Wednesday, June 9, 2010

OPEC Cuts Forecast Demand for Its Crude as Outside Supply Rises

By Alexander Kwiatkowski

Bloomberg) -- The Organization of Petroleum Exporting Countries said it will need to pump less crude than previously thought this year as production from outside the group increases more than forecast.

OPEC, which produces about 40 percent of the world’s oil, estimates members will need to produce 28.77 million barrels of crude a day to satisfy demand for the year, according to its monthly oil market report. That’s about 70,000 barrels a day fewer than last month’s projection. The producer group left its forecast for world oil demand for this year unchanged.

“This would leave no room for additional crude oil supplies in the market,” the Vienna-based secretariat said in a monthly report today. “Oil market fundamentals continue to be impacted by the persistent overhang in supply.”

OPEC agreed in March to uphold existing output quotas for a fifth time since 2008. Ministers have said the group is unlikely to alter limits this year as supplies remain ample and oil trades at levels deemed to be satisfactory. Crude will likely remain near its “ideal” price of $75 a barrel, Saudi Arabian Oil Minister Ali al-Naimi said in an interview with consultants Petroleum Policy Intelligence, published earlier this week.

A higher outlook for production from outside OPEC means the world will require less of its crude than previously thought. Non-OPEC oil supply is forecast at 51.78 million barrels a day for this year, 110,000 barrels a day more than forecast in last month’s report, and an increase of 640,000 barrels from 2009.

The estimate was increased after actual production figures for the first and second quarters were higher than anticipated, according to the group. North American supplies saw the biggest revision in the first quarter while developed economies drove the increase in the second quarter, it said.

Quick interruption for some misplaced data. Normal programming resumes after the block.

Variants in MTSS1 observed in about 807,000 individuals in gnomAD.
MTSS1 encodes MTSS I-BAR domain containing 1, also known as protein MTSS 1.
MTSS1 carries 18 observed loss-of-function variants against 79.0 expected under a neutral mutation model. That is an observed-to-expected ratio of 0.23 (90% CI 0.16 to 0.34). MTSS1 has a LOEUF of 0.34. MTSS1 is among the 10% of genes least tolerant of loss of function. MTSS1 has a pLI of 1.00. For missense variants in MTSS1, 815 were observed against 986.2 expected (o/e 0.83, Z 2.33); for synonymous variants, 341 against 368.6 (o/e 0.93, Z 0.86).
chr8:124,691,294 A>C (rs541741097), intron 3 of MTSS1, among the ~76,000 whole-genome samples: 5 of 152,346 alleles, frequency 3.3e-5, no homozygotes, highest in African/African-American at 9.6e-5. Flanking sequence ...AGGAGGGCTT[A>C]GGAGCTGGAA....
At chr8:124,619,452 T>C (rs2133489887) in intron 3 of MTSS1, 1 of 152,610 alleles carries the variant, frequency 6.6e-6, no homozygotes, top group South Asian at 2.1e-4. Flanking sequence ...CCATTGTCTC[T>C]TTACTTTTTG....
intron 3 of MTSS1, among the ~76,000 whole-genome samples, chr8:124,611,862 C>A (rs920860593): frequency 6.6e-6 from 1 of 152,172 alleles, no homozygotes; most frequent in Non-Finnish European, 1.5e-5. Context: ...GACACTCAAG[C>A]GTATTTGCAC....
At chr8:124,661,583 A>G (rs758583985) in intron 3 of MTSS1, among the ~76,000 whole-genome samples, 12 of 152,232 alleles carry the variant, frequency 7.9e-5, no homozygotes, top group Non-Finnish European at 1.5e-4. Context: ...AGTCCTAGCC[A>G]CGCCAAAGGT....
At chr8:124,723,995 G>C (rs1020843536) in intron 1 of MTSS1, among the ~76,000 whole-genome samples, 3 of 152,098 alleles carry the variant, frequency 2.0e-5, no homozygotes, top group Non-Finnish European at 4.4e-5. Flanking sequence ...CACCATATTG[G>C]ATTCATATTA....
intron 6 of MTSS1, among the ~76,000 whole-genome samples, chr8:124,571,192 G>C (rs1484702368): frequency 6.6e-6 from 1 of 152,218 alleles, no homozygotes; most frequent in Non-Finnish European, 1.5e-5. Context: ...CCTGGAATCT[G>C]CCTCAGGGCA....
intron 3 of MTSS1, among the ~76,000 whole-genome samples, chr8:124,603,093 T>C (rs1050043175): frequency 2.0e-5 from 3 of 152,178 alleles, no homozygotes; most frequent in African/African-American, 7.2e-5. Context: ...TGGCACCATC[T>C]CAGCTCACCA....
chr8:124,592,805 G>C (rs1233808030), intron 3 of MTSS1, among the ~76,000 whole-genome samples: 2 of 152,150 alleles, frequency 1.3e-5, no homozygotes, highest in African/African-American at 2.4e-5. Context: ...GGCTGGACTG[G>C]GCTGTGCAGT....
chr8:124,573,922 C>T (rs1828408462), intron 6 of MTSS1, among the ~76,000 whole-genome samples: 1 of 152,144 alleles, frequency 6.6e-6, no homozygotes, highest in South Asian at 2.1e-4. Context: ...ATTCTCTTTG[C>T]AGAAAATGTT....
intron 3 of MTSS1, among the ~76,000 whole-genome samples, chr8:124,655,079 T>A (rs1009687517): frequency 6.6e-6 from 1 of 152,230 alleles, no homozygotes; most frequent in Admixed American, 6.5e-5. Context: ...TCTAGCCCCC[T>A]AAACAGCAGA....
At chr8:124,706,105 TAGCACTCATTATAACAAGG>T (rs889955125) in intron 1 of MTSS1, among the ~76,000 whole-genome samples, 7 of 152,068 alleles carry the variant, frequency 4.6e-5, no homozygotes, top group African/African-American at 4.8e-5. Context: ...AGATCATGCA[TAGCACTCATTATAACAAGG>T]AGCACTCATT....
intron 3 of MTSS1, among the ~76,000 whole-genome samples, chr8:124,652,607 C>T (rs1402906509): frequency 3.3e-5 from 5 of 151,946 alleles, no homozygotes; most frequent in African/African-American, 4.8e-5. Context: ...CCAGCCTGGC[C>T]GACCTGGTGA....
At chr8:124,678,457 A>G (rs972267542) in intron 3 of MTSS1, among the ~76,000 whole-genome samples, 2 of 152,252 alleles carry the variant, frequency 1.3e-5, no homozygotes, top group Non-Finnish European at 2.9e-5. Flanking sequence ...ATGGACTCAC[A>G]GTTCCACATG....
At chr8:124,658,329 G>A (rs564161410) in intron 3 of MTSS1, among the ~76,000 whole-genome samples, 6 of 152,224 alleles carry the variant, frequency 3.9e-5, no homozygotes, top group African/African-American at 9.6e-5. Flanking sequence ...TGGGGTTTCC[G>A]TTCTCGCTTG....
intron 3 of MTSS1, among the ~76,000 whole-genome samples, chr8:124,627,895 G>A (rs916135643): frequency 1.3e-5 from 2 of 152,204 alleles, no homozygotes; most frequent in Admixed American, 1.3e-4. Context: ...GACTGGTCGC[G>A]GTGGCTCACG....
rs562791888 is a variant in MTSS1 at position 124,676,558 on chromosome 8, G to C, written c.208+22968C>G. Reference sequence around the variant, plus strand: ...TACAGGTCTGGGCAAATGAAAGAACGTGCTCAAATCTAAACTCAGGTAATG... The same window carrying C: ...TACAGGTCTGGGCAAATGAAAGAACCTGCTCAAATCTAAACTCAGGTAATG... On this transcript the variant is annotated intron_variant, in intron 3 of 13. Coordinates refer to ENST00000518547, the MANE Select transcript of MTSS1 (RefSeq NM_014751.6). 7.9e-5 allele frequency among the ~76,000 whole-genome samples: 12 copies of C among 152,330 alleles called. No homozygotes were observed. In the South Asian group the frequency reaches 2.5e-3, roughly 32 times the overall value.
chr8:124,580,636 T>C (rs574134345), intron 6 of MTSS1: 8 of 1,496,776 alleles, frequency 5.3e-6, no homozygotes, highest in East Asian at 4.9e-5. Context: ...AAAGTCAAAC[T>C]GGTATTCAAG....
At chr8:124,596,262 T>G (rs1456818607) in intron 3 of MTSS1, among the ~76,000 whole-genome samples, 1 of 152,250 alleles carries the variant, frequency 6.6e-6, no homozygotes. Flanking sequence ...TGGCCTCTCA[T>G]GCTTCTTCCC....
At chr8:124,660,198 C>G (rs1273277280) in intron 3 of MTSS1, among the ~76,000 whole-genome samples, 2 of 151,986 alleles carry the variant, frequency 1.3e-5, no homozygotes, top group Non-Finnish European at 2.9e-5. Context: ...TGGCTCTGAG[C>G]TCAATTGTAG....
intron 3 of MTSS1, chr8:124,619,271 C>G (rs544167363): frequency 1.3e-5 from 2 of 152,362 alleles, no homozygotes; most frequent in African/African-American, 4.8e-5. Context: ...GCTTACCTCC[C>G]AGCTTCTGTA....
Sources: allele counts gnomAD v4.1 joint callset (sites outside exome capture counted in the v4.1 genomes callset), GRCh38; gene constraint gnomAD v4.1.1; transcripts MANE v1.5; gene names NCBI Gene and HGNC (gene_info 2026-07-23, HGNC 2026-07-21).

High Risk

“The associated risk and uncertainties in the forecast are on the high-side given the current global market situation as well as the factors influencing supply,” according to OPEC. The report did not cite the effect of drilling restrictions in the Gulf of Mexico following the Deepwater Horizon oil spill on April 20.

The U.S. government yesterday reduced its forecast for Gulf of Mexico output by 26,000 barrels a day in the fourth quarter of the year and 70,000 barrels a day in 2011 after the spill.

OPEC estimates that global oil demand will average 85.37 million barrels a day this year, an increase of 950,000 barrels a day, or 1.1 percent, from 2009. That is unchanged from last month’s report.

“With half of the year already passed, economic signs are not that rosy; nevertheless hope remains,” according to the monthly report. “Despite the weak economic recovery, future economic prospects are pushing world GDP to a positive side, which will support world oil demand.”


Compliance among the 11 OPEC states bound by quotas was unchanged at 53 percent in May, as lower production from Angola, Iran, Libya and Algeria offset rising output from Venezuela, the U.A.E. and Nigeria, according to the report.

The 11 nations, excluding Iraq, pumped 26.83 million barrels a day last month, compared with 26.81 million barrels a day in April, OPEC said, citing secondary sources.

Production from all 12 OPEC members increased 141,000 barrels a day in May to 29.26 million barrels, as Iraq boosted output by 121,300 barrels a day, the secretariat said.

OPEC’s 12 members are Algeria, Angola, Ecuador, Iran, Iraq, Kuwait, Libya, Nigeria, Qatar, Saudi Arabia, the United Arab Emirates and Venezuela. The organization’s next meeting is scheduled for Oct. 14 in Vienna.

--Editors: Raj Rajendran, Steve Voss.

To contact the reporter on this story: Alexander Kwiatkowski in London at

To contact the editor responsible for this story: Stephen Voss at

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